WASHINGTON – Beginning with readings of the classic Greek anti-war comedy, Lysistrata, in 900 cities and ending with a “Code Pink” protest at the White House on International Women’s Day, March 8, thousands of women mobilized this week against George W. Bush’s war on Iraq.

“All the polls indicate that over 50 percent of American women are against war in Iraq and the president and his key advisers are not listening,” said a statement announcing the week of peace actions by a coalition that includes the National Organization for Women, Global Exchange and Women’s Preemptive Strike for Peace.

As a consequence, the statement continued, “Code Pink will deliver pink half-slips and full slips on clotheslines” to Bush, Vice President Cheney and National Security Adviser Condoleezza Rice “to express deep dissatisfaction with the job they are doing to protect the country. Code Pink Women have been knocking on the White House door since Nov. 17, 2002, to share their concerns that a war in Iraq will further destabilize the Middle East, unleash more terrorism in the U.S. and Europe, kill civilians in Iraq … The door has never been opened.”

Organizers of the project were stunned by the turnout for readings of Aristophanes’s Lysistrata, in which the women of Athens go on strike, refusing to allow their husbands in bed until they laid down their swords and shields. The play was an outcry against the Peloponnesian War that destroyed ancient Greece. A capacity crowd packed the Brooklyn Academy of Music to hear Mercedes Ruehl in the title role with F. Murray Abraham, Kevin Bacon and other stars of the screen and stage.

In Los Angeles, the cast included Julie Christie, Alfre Woodard, Christine Lahti and Jose Zuniga. In London, Richard Wilson and other actors rallied outside the Parliament to protest the war. On a more modern note, youthful fans of Country and Western stars the Dixie Chicks, are cheering their ballad, “Travelin Soldier” about a young girl who learns that her GI lover will “never come home again” from war overseas.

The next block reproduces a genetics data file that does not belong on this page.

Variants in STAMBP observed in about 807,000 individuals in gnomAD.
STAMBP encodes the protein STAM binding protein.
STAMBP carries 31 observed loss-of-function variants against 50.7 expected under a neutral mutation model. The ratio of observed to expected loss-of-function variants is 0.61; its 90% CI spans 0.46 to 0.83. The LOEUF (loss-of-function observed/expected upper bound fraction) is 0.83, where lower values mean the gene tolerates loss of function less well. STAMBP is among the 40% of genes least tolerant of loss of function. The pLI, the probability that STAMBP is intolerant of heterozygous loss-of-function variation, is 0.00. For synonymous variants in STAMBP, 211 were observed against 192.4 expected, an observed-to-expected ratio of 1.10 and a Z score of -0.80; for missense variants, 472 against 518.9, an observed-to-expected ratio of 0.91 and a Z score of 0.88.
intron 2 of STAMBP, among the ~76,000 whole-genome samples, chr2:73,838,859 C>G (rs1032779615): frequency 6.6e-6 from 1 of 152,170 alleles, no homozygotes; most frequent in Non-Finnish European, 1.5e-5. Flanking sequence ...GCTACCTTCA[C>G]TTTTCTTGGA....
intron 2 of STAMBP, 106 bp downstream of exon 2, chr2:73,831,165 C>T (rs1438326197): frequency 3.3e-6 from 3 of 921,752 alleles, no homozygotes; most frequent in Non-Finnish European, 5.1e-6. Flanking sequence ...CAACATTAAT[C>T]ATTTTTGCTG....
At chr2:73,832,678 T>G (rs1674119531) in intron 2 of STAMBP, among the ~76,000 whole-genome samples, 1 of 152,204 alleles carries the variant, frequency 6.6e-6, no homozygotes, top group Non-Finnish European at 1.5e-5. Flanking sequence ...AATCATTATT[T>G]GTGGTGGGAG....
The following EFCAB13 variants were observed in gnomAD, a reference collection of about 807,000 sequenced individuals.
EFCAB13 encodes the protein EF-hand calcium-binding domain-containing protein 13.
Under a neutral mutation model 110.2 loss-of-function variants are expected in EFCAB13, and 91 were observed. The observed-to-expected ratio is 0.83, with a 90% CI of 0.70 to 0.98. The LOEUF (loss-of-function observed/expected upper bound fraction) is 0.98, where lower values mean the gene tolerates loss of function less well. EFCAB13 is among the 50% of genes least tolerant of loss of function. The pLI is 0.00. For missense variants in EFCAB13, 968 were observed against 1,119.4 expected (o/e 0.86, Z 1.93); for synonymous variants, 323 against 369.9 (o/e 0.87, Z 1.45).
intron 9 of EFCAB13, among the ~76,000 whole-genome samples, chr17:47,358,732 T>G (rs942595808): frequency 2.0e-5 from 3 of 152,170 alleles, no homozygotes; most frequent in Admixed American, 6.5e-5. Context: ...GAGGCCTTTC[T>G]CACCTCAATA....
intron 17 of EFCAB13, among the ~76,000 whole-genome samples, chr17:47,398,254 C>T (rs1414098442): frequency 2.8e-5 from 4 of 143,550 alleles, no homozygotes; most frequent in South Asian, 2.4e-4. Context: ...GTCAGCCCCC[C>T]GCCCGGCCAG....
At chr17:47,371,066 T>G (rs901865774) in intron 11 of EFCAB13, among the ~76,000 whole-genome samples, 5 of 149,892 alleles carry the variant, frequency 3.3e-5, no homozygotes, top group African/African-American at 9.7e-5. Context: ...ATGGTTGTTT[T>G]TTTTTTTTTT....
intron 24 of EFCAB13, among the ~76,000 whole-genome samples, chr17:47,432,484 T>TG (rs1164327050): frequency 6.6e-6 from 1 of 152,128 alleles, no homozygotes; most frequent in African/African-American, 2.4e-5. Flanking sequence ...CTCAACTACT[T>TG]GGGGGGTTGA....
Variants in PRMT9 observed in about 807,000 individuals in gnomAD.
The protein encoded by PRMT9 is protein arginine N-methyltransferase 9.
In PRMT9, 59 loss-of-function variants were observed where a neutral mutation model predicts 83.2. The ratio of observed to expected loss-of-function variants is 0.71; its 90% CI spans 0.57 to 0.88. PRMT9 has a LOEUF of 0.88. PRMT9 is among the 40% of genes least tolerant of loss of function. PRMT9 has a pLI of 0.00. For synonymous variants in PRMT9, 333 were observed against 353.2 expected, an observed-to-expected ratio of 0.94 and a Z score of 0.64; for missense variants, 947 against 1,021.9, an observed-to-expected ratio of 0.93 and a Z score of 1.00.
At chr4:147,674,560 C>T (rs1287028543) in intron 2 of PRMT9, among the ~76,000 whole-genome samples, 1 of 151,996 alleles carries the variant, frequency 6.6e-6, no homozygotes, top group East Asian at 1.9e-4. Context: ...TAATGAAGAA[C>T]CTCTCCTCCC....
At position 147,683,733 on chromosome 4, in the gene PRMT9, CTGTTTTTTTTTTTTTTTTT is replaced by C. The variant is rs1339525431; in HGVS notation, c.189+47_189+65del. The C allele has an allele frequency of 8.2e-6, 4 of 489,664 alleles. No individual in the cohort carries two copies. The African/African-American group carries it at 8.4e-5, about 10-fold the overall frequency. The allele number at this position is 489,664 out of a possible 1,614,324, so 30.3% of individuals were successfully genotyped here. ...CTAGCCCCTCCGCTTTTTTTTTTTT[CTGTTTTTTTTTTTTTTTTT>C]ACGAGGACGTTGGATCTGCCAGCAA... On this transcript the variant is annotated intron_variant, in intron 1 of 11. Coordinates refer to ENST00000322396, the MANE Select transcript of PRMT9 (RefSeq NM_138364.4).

Kristi Laughlin, an organizer with Global Exchange, told the World the women’s week of peace actions, “caught on like wildfire. We launched the women’s peace vigil in front of the White House November 17 and we have held a rolling fast and vigil there every day now for more than three months.” The project, she said, has received an outpouring of solidarity across the nation and around the world with similar “Code Pink” women’s vigils in Los Angeles, Albany, NY, Portland, Ore., and in cities in Florida and Virginia.

When Karl Rove spoke in Salt Lake City he was confronted with pickets holding a banner, “Code Pink Women for Peace,” Laughlin said. Rove complained to reporters, “These Code Pink ladies are everywhere,” she said. Rep. Barbara Lee (D-Calif.) cast the lone vote against war on Afghanistan. Lee’s courageous stand convinced 133 of her colleagues a year later to vote against war on Iraq.

“We are being vigilant and serving as the conscience of the nation and not letting the warmongers go unchecked,” said Laughlin. “It is a role that is often buried or unnoticed. Mothers’ Day was a protest against the carnage of World War I. And today look at Women in Black. It started with Jewish and Muslim women marching for peace in Jerusalem. There is the Mothers of the Disappeared in Argentina. It is phenomenal the role women are playing in this struggle to stop the war on Iraq. On International Women’s Day this year, there will be thousands of women protesting outside the White House.”

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